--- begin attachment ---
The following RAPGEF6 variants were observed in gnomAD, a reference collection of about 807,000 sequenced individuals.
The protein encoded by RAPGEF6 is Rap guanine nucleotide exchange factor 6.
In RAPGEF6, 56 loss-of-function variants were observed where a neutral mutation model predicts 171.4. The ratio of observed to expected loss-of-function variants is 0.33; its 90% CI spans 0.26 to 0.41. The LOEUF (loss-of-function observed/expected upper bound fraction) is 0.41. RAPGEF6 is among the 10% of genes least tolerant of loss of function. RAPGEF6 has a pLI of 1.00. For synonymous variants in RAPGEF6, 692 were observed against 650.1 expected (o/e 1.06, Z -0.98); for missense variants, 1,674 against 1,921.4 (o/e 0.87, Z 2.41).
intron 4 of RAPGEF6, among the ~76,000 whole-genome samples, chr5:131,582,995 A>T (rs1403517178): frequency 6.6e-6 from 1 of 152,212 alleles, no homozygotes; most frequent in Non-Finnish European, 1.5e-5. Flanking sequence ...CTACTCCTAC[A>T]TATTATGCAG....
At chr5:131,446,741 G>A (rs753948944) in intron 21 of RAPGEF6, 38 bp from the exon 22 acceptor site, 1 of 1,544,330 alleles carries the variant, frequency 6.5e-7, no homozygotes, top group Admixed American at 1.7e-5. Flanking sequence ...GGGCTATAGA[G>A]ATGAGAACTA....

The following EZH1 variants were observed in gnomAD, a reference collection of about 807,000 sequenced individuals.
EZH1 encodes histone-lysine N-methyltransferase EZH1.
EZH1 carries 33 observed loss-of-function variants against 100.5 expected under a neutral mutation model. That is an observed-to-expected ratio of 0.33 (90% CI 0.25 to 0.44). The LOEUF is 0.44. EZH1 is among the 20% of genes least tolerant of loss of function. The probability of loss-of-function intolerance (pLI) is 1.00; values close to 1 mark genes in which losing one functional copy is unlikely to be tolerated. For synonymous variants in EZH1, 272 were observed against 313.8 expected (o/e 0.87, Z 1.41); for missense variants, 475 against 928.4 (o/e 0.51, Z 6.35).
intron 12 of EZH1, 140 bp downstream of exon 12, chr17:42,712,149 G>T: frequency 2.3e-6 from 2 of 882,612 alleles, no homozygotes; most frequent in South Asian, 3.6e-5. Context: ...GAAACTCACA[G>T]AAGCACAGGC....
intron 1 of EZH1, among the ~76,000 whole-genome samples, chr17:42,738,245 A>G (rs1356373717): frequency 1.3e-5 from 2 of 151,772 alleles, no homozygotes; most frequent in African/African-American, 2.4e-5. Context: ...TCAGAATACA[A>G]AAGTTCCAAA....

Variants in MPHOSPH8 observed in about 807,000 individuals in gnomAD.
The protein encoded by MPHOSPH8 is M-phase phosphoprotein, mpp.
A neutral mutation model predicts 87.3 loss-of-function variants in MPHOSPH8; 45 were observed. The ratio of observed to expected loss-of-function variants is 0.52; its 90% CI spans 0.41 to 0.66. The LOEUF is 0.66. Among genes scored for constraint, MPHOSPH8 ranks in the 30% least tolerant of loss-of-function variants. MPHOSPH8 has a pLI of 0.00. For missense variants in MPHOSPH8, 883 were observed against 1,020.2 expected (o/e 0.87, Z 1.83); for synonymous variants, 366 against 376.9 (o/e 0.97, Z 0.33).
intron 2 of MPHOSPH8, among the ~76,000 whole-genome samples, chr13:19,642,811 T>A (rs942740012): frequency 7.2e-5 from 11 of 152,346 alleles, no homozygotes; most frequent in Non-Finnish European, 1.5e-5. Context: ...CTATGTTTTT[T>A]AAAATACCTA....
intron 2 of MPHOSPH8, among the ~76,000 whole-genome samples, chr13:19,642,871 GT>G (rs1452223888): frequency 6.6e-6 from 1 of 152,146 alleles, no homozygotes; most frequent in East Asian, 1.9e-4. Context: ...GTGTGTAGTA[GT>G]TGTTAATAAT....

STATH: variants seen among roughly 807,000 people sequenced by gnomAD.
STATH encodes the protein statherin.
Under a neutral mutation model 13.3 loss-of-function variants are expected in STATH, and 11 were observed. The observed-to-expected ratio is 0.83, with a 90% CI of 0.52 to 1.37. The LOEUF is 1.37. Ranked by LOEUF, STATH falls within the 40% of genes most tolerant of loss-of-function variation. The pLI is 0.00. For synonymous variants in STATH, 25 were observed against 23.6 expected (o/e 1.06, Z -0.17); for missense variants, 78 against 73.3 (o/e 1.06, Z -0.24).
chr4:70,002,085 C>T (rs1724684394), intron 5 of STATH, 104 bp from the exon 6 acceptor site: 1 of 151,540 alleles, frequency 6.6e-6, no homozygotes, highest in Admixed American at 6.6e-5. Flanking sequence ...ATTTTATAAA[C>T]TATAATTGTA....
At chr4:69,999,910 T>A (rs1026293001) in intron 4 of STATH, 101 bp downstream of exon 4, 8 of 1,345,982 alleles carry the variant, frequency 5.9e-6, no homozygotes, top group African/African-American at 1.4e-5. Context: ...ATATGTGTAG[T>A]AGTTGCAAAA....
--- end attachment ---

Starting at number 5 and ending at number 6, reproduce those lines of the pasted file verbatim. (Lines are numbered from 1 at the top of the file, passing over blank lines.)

At chr5:131,446,741 G>A (rs753948944) in intron 21 of RAPGEF6, 38 bp from the exon 22 acceptor site, 1 of 1,544,330 alleles carries the variant, frequency 6.5e-7, no homozygotes, top group Admixed American at 1.7e-5. Flanking sequence ...GGGCTATAGA[G>A]ATGAGAACTA....

The following EZH1 variants were observed in gnomAD, a reference collection of about 807,000 sequenced individuals.